But since you're a smith, have you considered (or do you know about) Jameel Abraham's opposing-wheel arrangement for preventing a leg vise from racking? I suspect with your mechanical inclinations it'd be cake for you to make and scrounge the parts to do it, and the video on Jameel's site is very impressive - one push to the handle, and the vise travels in several turns under its own inertia.

John Schreiber
01-24-2009, 12:04 PM
It's surprising no one has thought of it yet.

I am talking about the bottom adjustment on a Woodworkers Leg Vise. We use the same principle all the time while working in our Woodshops. Its just so simple and already proved itself.
When I had read this far, I thought for a minute to see what you would come up with and it occurred to me. I'll bet he's going to make something like the Lee Valley twin screw, but vertical. Now I see that's not what you did, but that's another idea which is worth looking into. Especially with some roller guides along the bottom, and some provision for moving the chain side to side to give a bit of toe-in to-out control, that would be pretty sweet.

harry strasil
01-24-2009, 12:04 PM
David we are talking about 2 different kinds of racking , I have been using a leg vise on my demo workbench for quite a number of years and have had no problem with the racking Jameel is worried about even tho the leg the vise is mounted on is real soft Linden (Basswood), also my oak vise movable jaw is much lighter than Jameels, I just wanted an easier and quicker method than removing and replacing the pin all the time.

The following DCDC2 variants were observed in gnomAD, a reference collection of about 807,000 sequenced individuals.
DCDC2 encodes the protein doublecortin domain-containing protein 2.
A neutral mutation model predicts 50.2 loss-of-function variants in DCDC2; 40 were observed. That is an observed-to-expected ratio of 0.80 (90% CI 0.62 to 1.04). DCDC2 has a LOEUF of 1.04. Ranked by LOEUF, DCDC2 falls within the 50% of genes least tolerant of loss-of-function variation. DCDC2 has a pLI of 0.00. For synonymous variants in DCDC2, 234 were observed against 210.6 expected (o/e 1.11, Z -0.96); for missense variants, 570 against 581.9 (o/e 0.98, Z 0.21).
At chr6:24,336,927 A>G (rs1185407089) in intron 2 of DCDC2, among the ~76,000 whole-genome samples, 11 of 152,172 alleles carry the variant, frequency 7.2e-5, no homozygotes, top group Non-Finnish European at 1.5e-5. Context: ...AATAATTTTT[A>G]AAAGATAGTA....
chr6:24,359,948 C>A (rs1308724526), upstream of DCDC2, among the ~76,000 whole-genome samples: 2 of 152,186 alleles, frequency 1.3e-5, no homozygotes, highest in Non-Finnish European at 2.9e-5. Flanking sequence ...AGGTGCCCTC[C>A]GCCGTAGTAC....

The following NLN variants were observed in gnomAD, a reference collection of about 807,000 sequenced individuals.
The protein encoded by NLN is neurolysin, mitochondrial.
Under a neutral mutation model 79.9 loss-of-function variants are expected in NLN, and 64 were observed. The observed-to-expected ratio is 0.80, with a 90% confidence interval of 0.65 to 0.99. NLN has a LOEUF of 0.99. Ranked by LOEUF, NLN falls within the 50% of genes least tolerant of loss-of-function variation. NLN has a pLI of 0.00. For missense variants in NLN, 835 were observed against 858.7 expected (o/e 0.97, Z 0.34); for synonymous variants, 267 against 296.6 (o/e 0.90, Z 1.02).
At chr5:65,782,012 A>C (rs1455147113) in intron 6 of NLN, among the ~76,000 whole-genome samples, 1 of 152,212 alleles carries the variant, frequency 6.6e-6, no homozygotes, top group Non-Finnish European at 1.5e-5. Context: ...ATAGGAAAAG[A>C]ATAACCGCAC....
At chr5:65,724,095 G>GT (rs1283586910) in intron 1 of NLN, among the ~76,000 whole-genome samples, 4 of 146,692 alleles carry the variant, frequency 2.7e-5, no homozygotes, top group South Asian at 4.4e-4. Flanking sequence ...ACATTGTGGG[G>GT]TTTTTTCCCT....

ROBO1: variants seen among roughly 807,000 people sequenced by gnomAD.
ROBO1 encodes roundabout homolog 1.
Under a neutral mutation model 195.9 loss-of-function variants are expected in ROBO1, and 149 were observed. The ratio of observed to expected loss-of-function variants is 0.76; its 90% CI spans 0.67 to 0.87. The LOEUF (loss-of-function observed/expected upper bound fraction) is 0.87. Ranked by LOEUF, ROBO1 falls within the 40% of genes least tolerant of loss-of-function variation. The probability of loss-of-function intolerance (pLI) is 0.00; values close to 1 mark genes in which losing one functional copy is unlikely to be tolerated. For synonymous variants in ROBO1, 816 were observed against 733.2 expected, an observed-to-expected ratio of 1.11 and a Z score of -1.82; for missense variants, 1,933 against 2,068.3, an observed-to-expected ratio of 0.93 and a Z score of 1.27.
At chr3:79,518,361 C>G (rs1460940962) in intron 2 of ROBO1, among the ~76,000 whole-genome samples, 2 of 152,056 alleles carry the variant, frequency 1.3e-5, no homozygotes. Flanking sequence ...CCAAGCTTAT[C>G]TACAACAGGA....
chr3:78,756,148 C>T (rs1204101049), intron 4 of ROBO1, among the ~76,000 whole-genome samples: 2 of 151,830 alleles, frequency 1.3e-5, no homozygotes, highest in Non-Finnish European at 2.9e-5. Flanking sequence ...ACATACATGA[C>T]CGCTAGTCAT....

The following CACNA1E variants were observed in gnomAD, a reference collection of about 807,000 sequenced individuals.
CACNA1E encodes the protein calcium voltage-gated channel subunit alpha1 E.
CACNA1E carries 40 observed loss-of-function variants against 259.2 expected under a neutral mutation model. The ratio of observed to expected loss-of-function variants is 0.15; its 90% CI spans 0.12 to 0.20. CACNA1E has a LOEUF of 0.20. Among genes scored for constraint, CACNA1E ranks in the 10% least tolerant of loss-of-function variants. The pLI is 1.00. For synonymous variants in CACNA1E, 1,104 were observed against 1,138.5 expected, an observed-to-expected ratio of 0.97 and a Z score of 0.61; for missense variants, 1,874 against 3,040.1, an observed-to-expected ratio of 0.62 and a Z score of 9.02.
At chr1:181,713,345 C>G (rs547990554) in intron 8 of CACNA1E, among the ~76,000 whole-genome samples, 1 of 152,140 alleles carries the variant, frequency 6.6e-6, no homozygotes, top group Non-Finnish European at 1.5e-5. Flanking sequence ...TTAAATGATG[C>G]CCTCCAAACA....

frank shic
01-24-2009, 1:10 PM
harry i like the through-tenoned stool in the background. looks a lot like the one i built based off of the ikea model.

David Keller NC
01-24-2009, 10:33 PM
Harry - Perhaps I'm confused, but I was under the distinct impression that Jameel's set-up was built so that a pin wasn't necessary (i.e., the pairs of rollers hold the vise parallel to the bench).

That's a really interesting note about using basswood for anything on a bench - kind of puts the lie to the idea that you have to have a hard, strong wood for a bench (always thought that was sort of suspect - most woods, other than balsa, should be OK if big enough in cross section).

harry strasil
01-24-2009, 11:16 PM
The top and the vise end leg are Basswood, I was looking for a thick plank for stability to make that bench and I needed it to be light as I have to move it in and out of the demo trailer, and that basswood plank fit the bill, The Sawyer had it in his kiln along with its mate, both 8 ft long and 4 inches thick and 12 wide. He wanted to get rid of it and he was a former customer of mine. When he only asked $20 and offered to plane it for me too for that price, I said yes real quick.